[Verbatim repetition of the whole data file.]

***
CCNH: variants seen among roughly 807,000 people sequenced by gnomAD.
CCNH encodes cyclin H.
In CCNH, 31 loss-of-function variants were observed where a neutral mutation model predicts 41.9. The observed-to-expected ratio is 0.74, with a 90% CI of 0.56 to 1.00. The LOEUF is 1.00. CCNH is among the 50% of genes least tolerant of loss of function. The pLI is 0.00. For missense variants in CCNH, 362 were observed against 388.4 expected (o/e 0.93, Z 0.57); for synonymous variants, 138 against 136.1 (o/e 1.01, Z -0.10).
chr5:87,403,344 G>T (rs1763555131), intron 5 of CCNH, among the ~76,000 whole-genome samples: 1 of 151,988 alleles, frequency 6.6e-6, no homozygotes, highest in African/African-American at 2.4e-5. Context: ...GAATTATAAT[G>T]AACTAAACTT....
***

CCNH: variants seen among roughly 807,000 people sequenced by gnomAD.
CCNH encodes cyclin H.
In CCNH, 31 loss-of-function variants were observed where a neutral mutation model predicts 41.9. The observed-to-expected ratio is 0.74, with a 90% CI of 0.56 to 1.00. The LOEUF is 1.00. CCNH is among the 50% of genes least tolerant of loss of function. The pLI is 0.00. For missense variants in CCNH, 362 were observed against 388.4 expected (o/e 0.93, Z 0.57); for synonymous variants, 138 against 136.1 (o/e 1.01, Z -0.10).
chr5:87,403,344 G>T (rs1763555131), intron 5 of CCNH, among the ~76,000 whole-genome samples: 1 of 151,988 alleles, frequency 6.6e-6, no homozygotes, highest in African/African-American at 2.4e-5. Context: ...GAATTATAAT[G>T]AACTAAACTT....